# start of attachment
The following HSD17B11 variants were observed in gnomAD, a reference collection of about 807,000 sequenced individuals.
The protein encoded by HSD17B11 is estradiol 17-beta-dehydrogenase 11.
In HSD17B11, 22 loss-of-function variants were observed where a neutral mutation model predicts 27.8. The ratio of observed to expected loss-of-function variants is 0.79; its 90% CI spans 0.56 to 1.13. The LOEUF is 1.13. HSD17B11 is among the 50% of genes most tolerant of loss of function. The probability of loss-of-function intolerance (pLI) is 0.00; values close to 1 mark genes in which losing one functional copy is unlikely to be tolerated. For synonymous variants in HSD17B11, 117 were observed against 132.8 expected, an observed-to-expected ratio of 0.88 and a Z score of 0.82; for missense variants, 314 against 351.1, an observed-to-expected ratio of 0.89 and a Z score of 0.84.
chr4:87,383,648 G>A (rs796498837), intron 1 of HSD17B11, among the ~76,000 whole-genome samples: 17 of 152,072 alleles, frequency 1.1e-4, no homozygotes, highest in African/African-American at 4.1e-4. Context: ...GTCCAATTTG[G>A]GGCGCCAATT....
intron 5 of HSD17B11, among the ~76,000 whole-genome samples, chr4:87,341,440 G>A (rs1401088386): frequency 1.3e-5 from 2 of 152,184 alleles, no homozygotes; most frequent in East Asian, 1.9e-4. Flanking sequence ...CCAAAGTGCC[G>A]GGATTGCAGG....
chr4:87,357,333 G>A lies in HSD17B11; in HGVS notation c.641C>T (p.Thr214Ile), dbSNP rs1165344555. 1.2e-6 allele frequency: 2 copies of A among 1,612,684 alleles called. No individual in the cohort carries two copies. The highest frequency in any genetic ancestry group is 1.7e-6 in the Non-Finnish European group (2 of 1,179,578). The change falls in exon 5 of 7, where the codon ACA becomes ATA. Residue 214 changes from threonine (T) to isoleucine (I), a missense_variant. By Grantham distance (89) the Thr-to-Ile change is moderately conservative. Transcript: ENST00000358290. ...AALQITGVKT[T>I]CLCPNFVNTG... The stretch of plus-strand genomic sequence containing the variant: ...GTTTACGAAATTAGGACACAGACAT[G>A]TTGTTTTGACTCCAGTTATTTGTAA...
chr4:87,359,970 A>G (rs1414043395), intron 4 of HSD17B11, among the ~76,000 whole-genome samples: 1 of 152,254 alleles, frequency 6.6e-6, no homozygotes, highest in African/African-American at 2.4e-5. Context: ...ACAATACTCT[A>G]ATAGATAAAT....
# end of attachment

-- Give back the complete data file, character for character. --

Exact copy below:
The following HSD17B11 variants were observed in gnomAD, a reference collection of about 807,000 sequenced individuals.
The protein encoded by HSD17B11 is estradiol 17-beta-dehydrogenase 11.
In HSD17B11, 22 loss-of-function variants were observed where a neutral mutation model predicts 27.8. The ratio of observed to expected loss-of-function variants is 0.79; its 90% CI spans 0.56 to 1.13. The LOEUF is 1.13. HSD17B11 is among the 50% of genes most tolerant of loss of function. The probability of loss-of-function intolerance (pLI) is 0.00; values close to 1 mark genes in which losing one functional copy is unlikely to be tolerated. For synonymous variants in HSD17B11, 117 were observed against 132.8 expected, an observed-to-expected ratio of 0.88 and a Z score of 0.82; for missense variants, 314 against 351.1, an observed-to-expected ratio of 0.89 and a Z score of 0.84.
chr4:87,383,648 G>A (rs796498837), intron 1 of HSD17B11, among the ~76,000 whole-genome samples: 17 of 152,072 alleles, frequency 1.1e-4, no homozygotes, highest in African/African-American at 4.1e-4. Context: ...GTCCAATTTG[G>A]GGCGCCAATT....
intron 5 of HSD17B11, among the ~76,000 whole-genome samples, chr4:87,341,440 G>A (rs1401088386): frequency 1.3e-5 from 2 of 152,184 alleles, no homozygotes; most frequent in East Asian, 1.9e-4. Flanking sequence ...CCAAAGTGCC[G>A]GGATTGCAGG....
chr4:87,357,333 G>A lies in HSD17B11; in HGVS notation c.641C>T (p.Thr214Ile), dbSNP rs1165344555. 1.2e-6 allele frequency: 2 copies of A among 1,612,684 alleles called. No individual in the cohort carries two copies. The highest frequency in any genetic ancestry group is 1.7e-6 in the Non-Finnish European group (2 of 1,179,578). The change falls in exon 5 of 7, where the codon ACA becomes ATA. Residue 214 changes from threonine (T) to isoleucine (I), a missense_variant. By Grantham distance (89) the Thr-to-Ile change is moderately conservative. Transcript: ENST00000358290. ...AALQITGVKT[T>I]CLCPNFVNTG... The stretch of plus-strand genomic sequence containing the variant: ...GTTTACGAAATTAGGACACAGACAT[G>A]TTGTTTTGACTCCAGTTATTTGTAA...
chr4:87,359,970 A>G (rs1414043395), intron 4 of HSD17B11, among the ~76,000 whole-genome samples: 1 of 152,254 alleles, frequency 6.6e-6, no homozygotes, highest in African/African-American at 2.4e-5. Context: ...ACAATACTCT[A>G]ATAGATAAAT....